Manganese nodules, with up to 2 wt. However, their metal content appears to be generally low with combined copper and nickel of only 2 wt. Here combined copper and nickel contents comprise wt. Nodules are sparsely and irregularly distributed through broad areas of the Atlantic.
Probably the most economically interesting concentrations are found on the Blake Plateau, in shallow water to the east of Florida. In the Mediterranean Sea, nodules off the west coast of Italy are of special interest for similar reasons. Although the mineralogy, composition and origin of manganese nodules are relatively well known, assessments of their resource potential are not well documented.
Potential resource estimates for copper, nickel and cobalt in nodules were made during the s and s and are summarised in Volume I of the United Nations Seabed Mineral Series. The abundance of nodules however, remains a major source of uncertainty and any global estimates must be subject to non-definable degree of error.
While accepting the uncertainties and limitations of past and present resource estimates, using the methods described here it is possible to broadly estimate the resources held by manganese nodules and crusts within potential ELCS regions Table 3. Elemental resources for these ten countries range from: million tonnes of manganese for Antarctica to Even for those countries with the lowest abundance of nodules and crusts present in their ELCS, the elemental resources range from: 2.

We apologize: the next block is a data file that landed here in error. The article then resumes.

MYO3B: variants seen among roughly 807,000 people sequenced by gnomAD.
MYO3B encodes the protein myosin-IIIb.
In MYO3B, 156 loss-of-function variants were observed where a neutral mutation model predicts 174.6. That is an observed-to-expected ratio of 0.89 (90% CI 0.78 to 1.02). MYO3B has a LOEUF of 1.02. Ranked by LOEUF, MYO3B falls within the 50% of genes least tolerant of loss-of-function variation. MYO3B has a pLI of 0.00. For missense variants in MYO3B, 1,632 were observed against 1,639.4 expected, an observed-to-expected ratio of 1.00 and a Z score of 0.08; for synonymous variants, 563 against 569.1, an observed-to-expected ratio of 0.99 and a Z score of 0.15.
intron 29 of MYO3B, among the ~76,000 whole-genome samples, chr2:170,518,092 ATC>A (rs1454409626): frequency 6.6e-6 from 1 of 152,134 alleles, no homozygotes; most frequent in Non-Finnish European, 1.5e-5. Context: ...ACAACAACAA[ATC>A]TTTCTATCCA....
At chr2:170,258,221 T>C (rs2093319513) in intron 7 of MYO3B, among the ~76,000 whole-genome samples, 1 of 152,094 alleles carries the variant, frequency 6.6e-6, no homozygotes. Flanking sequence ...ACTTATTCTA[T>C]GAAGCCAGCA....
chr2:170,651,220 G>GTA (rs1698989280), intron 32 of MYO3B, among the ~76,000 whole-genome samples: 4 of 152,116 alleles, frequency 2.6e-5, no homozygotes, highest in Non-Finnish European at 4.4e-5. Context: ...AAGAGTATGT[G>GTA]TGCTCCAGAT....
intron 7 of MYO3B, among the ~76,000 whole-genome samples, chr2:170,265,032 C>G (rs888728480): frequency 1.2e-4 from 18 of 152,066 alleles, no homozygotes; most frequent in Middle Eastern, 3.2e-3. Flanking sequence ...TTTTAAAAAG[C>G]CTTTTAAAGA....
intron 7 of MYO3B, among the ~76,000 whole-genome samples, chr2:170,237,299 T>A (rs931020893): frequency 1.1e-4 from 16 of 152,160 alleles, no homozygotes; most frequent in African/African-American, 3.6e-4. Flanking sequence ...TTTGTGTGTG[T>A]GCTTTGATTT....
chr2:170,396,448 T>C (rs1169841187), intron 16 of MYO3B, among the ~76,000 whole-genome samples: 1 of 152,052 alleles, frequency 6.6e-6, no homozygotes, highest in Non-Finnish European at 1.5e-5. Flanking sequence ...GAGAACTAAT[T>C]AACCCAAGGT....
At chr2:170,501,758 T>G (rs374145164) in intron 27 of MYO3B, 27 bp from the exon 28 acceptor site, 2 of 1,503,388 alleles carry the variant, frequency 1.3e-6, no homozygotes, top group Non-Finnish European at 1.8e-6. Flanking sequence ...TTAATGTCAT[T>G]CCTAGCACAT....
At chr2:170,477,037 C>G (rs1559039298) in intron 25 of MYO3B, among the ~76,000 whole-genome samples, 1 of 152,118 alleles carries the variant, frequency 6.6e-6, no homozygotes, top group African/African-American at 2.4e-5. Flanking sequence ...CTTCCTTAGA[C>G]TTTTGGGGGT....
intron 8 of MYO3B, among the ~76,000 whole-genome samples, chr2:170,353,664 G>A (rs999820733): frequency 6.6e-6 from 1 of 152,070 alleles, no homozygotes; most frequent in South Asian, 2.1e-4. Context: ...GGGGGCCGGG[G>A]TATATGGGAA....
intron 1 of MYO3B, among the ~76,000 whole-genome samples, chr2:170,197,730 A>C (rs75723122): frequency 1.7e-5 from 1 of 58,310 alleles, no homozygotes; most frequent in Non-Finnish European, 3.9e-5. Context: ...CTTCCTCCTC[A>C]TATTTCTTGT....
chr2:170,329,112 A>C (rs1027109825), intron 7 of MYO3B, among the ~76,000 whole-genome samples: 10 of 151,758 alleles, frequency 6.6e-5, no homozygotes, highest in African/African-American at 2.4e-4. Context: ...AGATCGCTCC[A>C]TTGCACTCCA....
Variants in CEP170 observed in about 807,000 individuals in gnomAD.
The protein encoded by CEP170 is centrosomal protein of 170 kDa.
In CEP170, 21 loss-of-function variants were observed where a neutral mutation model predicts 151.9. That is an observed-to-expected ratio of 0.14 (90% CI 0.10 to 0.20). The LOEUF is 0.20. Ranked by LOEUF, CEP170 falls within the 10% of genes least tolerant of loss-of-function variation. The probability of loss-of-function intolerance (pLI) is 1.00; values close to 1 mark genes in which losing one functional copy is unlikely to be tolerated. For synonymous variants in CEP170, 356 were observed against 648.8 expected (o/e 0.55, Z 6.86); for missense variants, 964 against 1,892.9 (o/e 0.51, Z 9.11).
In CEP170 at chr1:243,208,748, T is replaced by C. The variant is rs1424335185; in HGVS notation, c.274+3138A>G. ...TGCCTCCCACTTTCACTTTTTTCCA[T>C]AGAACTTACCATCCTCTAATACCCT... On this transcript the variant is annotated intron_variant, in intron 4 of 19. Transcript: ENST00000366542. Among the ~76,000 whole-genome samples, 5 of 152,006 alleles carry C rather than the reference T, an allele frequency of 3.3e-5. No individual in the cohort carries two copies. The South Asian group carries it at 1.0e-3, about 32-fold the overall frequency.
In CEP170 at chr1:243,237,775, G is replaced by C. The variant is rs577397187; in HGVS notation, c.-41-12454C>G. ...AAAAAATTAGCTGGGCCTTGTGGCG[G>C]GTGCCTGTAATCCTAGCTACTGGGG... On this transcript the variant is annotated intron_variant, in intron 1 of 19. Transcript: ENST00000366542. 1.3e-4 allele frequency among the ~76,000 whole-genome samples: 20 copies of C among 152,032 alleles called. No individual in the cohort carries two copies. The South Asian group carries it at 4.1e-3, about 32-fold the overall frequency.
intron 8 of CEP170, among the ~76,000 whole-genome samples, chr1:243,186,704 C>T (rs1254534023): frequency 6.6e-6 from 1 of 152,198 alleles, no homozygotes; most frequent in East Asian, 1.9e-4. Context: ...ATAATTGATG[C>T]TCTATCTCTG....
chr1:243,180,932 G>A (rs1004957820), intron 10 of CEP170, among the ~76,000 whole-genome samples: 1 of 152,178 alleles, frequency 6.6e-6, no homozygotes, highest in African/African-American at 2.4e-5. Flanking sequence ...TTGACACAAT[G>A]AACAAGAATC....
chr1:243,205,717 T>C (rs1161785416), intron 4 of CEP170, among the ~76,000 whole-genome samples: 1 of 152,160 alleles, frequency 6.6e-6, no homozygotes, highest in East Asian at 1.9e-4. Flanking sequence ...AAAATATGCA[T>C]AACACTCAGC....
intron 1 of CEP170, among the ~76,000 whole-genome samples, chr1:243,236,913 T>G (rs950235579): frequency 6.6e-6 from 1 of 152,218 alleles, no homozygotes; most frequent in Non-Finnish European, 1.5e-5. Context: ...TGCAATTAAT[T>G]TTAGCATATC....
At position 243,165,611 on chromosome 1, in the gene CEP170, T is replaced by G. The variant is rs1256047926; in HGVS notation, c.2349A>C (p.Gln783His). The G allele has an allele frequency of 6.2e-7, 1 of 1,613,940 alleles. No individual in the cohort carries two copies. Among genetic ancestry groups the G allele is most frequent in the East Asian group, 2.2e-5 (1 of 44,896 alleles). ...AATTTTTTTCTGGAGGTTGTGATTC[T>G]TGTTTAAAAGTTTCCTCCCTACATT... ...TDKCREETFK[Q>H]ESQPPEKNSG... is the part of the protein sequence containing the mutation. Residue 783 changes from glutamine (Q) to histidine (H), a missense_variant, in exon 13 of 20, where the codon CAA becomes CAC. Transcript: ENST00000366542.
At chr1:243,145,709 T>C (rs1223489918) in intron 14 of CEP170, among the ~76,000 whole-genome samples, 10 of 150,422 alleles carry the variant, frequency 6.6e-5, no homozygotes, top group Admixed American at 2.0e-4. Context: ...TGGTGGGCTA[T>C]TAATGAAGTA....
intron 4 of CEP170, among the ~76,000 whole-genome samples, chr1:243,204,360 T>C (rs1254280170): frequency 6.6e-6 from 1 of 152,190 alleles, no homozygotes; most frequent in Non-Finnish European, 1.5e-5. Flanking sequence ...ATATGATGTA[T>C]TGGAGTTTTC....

At the scale of this global study, it is not possible to determine specifically where resources contained in nodules and crusts occur at grades above or below economically viable cut-off limits e. However, it is possible to rank countries according to the average grade of manganese nodules and crusts in their ELCS.
These areas, on average, are characterised by higher grades and may in future have locations favourable for manganese nodule and crust recovery. Marine hydrocarbon deposits Generally, large quantities of hydrocarbons can be formed only at depths within sedimentary sequences greater than 1, - 2, meters.
Formation of exploitable reservoirs of hydrocarbons requires migration from their source rocks to geological traps comprising a porous reservoir rocks and overlain by an impermeable horizon. Common geological traps for hydrocarbons include: shales, salt domes evaporites , and anticlinal folds of permeable and non-permable strata.